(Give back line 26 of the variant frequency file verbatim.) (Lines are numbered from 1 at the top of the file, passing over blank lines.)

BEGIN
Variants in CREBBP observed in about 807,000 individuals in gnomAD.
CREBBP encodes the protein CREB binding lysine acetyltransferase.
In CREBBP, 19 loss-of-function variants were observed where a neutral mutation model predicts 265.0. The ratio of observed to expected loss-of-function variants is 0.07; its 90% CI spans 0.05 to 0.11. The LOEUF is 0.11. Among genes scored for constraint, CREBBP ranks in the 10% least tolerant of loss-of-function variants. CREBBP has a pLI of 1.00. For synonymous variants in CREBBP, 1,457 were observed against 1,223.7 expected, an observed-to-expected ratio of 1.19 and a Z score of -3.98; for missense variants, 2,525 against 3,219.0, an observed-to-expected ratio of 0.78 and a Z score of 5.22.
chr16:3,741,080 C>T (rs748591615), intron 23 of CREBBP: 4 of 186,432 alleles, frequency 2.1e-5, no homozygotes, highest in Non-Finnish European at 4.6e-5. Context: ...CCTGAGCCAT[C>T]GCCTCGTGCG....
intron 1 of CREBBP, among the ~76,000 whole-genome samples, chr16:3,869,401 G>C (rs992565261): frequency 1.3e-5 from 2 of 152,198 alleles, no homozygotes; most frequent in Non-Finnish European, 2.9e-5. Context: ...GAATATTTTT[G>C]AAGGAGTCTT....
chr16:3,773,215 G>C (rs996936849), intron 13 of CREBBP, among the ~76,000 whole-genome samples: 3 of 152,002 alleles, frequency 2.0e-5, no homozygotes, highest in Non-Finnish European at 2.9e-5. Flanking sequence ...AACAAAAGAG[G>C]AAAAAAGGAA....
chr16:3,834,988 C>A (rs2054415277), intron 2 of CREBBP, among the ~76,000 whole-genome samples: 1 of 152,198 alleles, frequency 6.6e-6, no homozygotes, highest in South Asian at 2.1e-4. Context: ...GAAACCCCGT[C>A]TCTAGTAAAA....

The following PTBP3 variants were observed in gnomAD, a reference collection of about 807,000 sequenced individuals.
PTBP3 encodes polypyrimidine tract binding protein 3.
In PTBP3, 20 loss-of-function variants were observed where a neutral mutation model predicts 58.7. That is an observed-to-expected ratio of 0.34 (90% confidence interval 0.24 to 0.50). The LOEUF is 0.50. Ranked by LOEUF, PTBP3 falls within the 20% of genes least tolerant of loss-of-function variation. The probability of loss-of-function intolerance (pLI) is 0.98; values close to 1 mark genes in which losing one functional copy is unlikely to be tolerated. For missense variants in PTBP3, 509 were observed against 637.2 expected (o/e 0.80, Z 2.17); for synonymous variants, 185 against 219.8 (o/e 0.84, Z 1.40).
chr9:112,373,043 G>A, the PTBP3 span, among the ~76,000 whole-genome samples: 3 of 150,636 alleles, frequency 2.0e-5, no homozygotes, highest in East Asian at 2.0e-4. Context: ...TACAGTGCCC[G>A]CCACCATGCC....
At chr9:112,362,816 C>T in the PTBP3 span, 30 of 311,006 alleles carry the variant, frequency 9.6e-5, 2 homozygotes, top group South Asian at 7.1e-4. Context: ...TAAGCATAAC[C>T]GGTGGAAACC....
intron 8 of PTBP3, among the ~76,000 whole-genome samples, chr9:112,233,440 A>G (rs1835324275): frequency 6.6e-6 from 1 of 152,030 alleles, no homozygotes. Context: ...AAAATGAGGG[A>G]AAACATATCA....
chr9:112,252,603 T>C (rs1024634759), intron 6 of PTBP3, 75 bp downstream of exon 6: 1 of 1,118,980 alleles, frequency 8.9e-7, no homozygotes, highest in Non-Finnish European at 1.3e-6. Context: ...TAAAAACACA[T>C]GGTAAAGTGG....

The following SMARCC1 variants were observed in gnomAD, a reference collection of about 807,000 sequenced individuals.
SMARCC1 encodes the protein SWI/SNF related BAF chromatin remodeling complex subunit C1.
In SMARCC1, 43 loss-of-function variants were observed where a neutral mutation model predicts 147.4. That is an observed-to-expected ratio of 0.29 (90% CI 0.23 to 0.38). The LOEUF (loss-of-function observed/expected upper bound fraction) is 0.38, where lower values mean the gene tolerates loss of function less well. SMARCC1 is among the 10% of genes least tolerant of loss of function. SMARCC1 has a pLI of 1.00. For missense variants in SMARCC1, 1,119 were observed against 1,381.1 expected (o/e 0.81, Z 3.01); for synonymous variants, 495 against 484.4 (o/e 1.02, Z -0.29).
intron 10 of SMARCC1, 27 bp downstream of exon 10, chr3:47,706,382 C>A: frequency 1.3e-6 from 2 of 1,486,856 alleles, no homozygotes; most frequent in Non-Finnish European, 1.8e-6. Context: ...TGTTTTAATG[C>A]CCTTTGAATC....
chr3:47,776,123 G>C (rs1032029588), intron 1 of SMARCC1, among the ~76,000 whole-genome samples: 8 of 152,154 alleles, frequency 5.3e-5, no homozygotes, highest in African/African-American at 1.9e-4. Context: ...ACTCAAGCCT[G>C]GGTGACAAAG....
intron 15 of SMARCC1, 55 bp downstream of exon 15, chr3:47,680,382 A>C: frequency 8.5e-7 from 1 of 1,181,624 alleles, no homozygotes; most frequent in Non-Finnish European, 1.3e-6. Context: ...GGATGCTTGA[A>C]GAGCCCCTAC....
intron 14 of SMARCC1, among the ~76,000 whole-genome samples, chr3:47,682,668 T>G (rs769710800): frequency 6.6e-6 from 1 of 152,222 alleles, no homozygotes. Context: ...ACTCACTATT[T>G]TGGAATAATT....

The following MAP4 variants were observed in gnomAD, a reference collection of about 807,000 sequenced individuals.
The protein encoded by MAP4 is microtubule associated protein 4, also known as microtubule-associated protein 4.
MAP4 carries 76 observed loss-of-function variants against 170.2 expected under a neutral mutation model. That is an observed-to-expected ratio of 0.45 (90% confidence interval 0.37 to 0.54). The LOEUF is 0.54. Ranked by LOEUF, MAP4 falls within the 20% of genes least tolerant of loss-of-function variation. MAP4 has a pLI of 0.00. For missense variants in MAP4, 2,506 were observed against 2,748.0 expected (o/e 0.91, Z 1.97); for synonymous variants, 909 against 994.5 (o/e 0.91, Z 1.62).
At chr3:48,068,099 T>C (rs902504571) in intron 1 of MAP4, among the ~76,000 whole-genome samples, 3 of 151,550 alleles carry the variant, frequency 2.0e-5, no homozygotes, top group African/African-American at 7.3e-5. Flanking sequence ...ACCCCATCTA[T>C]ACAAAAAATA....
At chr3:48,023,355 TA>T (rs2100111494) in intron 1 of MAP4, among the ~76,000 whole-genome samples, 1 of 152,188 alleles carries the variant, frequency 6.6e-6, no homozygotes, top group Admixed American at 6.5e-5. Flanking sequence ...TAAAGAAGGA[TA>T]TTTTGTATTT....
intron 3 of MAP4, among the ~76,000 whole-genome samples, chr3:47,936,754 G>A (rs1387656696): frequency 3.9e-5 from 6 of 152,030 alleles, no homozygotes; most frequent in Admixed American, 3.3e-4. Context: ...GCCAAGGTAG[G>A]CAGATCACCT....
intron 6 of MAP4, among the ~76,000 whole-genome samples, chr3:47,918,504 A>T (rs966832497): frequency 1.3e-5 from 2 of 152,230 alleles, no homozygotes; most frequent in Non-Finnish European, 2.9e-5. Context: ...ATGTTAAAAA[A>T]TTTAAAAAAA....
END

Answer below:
At chr3:48,023,355 TA>T (rs2100111494) in intron 1 of MAP4, among the ~76,000 whole-genome samples, 1 of 152,188 alleles carries the variant, frequency 6.6e-6, no homozygotes, top group Admixed American at 6.5e-5. Flanking sequence ...TAAAGAAGGA[TA>T]TTTTGTATTT....